First impressions are essential — especially when it comes to poetry.
As is the case with each stanza, poem titles should be pithy and pregnant with meaning.
It’s a tall order, and crafting a good title is tough.
Some argue it’s the most challenging part of penning a poem.
So today, we’re demystifying the magic behind how to title poems.
We’ll begin with a few Dos and Don’ts, hop to a how-to list, then close with a handful of poem title ideas and examples.
- What Should Good Poem Titles Do and Not Do?
- How to Write Poetry Titles in 9 Steps
- 7 of the Best Poem Titles
- 1. “Epic of Gilgamesh” by Unknown Ancient Sumerians
- 2. “The Road Not Taken” by Robert Frost
- 3. “The Highwayman” by Alfred Noyes
- 4. “Ozymandias” by Percy Bysshe Shelley
- 5. “Death Be Not Proud” by John Donne
- 6. “There Will Come Soft Rains” by Sara Teasdale
- 7. “A Litany for Survival” by Audre Lorde
- Final Thought
What Should Good Poem Titles Do and Not Do?
Good creative poetry titles embody certain qualities. With that in mind, let’s break down what you should and shouldn’t do.
Good Poem Titles
Good poem titles may seem simple, but looks are often deceiving. Some poets report spending multiple days — if not weeks — mulling over ideas for a given work.
What do they consider? Let’s look at the three main pillars of a captivating poem title.
Poems are infused with intrigue, and so should their titles. Make it something that sparks interest. But don’t go overboard. You don’t want to be misleading or ostentatious.
Meaning gives poems their weight — their gravitas. That passion should be apparent from the beginning. Titles should steep the work with further significance. Remember, though, that “meaningful” isn’t synonymous with “maudlin.” Don’t be overwrought.
The title is a poem’s “shingle” — the sign that explains what’s inside. Therefore, it should mirror the tone of the piece unless, of course, satire is the goal.
Bad Poem Titles
We’ve all run across bad poem titles. Admittedly, we’ve also written our fair share. It’s a poet’s rite of passage. But as you mature as a writer, the goal is to grow and improve. To that end, what should you avoid regarding poem titles?
Remember when you thought the height of powerful poetry was a repeated chorus line? Please don’t read us wrong. The technique can be used for a moving effect under an experienced and nuanced pen.
But clunky attempts stand out for the wrong reasons — and are frequently made worse by appointing it the rank of title. It’s overkill; avoid it.
Some may argue that poetry, in and of itself, is a pretentious endeavor. We’d disagree but still caution poets against leaning into their grandiloquent demons. Finding the perfect word is a linguistic virtue; trying to sound highfalutin is a literary sin.
Avoid bland and common poem titles. Sure, if you must go with “Untitled,” as is a poetic tradition, have at it. But steer clear of generic titles or ones that other people have used.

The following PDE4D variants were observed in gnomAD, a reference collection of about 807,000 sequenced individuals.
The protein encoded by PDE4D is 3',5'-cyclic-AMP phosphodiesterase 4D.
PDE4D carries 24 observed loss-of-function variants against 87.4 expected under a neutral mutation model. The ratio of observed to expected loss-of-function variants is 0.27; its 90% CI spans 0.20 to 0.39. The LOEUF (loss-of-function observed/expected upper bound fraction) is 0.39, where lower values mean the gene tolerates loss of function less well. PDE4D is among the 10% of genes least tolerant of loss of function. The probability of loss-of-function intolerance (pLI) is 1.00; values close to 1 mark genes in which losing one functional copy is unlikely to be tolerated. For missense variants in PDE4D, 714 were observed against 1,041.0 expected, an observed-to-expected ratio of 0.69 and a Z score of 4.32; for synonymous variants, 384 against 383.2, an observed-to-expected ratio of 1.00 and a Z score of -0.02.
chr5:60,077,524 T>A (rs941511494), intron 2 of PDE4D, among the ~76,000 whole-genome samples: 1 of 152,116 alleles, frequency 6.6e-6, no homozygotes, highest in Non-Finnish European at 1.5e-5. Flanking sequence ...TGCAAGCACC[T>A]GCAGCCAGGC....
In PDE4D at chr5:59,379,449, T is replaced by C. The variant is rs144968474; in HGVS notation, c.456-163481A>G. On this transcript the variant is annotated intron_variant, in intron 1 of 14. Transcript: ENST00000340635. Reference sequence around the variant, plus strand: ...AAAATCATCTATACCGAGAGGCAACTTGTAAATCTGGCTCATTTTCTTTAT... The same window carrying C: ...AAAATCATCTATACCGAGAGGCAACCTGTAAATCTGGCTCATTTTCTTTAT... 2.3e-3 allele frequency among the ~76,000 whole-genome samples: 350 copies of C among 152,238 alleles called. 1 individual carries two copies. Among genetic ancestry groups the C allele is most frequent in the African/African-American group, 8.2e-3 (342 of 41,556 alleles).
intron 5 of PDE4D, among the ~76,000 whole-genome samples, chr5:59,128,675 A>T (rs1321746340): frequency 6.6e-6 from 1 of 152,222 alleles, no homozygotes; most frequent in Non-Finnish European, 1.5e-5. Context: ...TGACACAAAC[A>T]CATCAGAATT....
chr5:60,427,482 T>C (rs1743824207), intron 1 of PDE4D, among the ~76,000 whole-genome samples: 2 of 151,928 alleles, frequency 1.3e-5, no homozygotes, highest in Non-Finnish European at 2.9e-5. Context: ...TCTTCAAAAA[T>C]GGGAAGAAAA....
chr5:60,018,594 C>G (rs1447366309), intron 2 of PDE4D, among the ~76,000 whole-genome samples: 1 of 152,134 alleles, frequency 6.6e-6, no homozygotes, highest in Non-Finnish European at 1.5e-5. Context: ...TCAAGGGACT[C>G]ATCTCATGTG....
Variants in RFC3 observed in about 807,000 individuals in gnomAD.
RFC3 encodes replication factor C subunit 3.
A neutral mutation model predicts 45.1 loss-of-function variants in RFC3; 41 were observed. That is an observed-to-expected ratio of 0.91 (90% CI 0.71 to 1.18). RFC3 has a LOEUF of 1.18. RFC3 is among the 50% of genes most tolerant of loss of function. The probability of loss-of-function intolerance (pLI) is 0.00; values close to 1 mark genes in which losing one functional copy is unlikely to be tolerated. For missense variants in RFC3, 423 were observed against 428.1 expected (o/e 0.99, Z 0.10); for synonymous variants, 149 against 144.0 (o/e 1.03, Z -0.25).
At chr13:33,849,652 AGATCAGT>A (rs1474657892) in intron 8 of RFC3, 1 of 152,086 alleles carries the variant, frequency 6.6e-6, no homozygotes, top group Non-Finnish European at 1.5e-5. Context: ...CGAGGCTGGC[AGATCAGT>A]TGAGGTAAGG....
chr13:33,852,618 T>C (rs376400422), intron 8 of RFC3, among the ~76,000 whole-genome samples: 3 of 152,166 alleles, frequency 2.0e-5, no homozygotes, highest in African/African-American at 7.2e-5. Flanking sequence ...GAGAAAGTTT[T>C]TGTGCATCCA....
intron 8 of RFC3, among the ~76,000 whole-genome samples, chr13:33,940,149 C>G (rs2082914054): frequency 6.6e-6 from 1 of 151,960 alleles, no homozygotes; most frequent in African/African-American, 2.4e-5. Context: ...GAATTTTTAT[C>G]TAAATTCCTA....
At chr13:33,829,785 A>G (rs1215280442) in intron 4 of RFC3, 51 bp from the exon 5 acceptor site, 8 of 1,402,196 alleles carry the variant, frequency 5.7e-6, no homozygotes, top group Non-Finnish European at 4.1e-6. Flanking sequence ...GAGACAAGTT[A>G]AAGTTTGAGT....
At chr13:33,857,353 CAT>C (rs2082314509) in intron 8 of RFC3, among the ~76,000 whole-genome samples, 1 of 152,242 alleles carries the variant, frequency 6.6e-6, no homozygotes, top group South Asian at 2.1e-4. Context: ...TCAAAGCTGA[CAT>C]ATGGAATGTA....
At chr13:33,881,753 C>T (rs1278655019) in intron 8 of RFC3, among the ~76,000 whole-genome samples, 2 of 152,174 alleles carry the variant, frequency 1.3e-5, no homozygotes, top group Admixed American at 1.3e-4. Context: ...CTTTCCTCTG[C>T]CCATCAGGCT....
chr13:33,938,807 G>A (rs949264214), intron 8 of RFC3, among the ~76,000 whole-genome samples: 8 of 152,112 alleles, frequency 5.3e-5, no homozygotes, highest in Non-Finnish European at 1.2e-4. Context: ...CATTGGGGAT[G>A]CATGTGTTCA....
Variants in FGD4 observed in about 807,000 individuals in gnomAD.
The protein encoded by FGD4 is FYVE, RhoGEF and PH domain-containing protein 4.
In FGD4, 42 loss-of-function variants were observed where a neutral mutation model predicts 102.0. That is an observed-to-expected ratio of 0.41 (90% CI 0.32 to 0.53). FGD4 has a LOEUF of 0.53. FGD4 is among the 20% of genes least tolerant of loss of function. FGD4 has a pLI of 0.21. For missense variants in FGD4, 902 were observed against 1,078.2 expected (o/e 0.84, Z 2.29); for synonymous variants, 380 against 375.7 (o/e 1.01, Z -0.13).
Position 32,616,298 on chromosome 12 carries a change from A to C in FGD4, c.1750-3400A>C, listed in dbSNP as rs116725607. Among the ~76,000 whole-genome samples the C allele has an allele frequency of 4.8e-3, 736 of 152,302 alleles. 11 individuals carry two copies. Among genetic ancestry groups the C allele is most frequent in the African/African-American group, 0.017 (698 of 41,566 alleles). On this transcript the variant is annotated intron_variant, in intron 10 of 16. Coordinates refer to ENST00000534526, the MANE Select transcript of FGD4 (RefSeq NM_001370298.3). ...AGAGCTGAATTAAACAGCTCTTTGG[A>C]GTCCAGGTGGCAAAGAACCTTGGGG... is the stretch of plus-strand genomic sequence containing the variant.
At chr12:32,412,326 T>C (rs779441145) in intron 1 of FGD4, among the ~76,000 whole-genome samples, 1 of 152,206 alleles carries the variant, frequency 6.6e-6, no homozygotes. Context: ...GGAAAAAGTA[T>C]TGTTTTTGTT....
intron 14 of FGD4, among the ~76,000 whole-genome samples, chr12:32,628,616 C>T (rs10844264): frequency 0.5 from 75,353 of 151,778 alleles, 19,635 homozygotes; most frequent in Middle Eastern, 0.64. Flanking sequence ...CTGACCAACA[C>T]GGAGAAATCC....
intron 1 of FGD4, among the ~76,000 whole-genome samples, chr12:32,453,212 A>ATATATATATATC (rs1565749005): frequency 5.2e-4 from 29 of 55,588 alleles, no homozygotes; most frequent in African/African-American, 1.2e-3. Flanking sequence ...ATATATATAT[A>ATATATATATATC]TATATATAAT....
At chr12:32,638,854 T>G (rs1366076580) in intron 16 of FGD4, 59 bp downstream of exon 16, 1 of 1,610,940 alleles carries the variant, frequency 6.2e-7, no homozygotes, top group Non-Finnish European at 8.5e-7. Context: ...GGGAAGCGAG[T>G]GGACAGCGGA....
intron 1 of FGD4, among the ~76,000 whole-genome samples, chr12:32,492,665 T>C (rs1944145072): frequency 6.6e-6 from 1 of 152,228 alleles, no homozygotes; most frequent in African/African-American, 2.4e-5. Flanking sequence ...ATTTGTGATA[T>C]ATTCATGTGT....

How to Write Poetry Titles in 9 Steps
Consider the following steps, tips, and questions when workshopping poem titles.
1. Do You Need a Title?
Not every poem needs a title. In fact, going without is somewhat of a poetic tradition. However, if publication is the goal, come up with something. Titled works are more likely to be included in compilations than untitled ones.
2. Make it Evocative
Craft something that grabs the reader — something evocative. The aim is to conjure memorable imagery in the mind’s eye. Your words should invoke a time, place, and mood.
Robert Frost’s “Stopping by the Woods on a Snowy Evening” is frequently cited as a poem title that expertly paints a picture.
3. Use Archetypes and Stereotypes
In most areas of life, it’s good to look past archetypes and stereotypes. But when it comes to poem titles, leaning into them can be the answer.
Think of archetypes and stereotypes as semantic shortcuts. They allow you to convey emotion with very few words.
Consider Edgar Allen Poe’s “The Bells,” “The Sleeper,” and “The Raven.” All immediately bring to mind a specific mood and imagery.
4. Get Emotional
One of the magical things about poetry is that it connects people across time and place. As such, leveraging emotionality when conveying a universal joy or fear is part of the art.
Emily Dickinson’s “It Was Not Death, for I Stood Up” and John Keats’s “Ode on Melancholy” are both declarative, stirring poem titles that speak to collective worries.
5. Use Length as an Indicator
Writers use sentence length to pace their work, and it’s also an important consideration when crafting a poem title.
Will a punchy, one-word moniker work best? Or would something more meandering convey the voice and vibe of the work?
Remember that shorter titles need powerful words, and longer ones work best with a surprising twist, like Billy Collins’s “Another Reason Why I Don’t Keep A Gun In The House.”
6. Infuse it With Conflict
Don’t overlook the power of conflict when creating poem titles. Many people use Maya Angelou’s “Still I Rise” as a perfect example of hinting at conflict positively and concisely, rendering it an ideal poem title.
7. Try a Name or Place
T.S. Eliot’s “The Love Song Of J. Alfred Prufrock” and Sylvia Plath’s “Daddy” immediately come to mind as examples of name titles.
James Lynne Alexander’s “A Day at the Falls of Niagara” and John McCrae’s “In Flanders Fields” illustrate strong examples linked to specific places.
8. Will Comedy Work?
No rule insists that poems must be serious or pedantic. So if your work twinkles with joviality and comic undertones, reflect that energy in the title.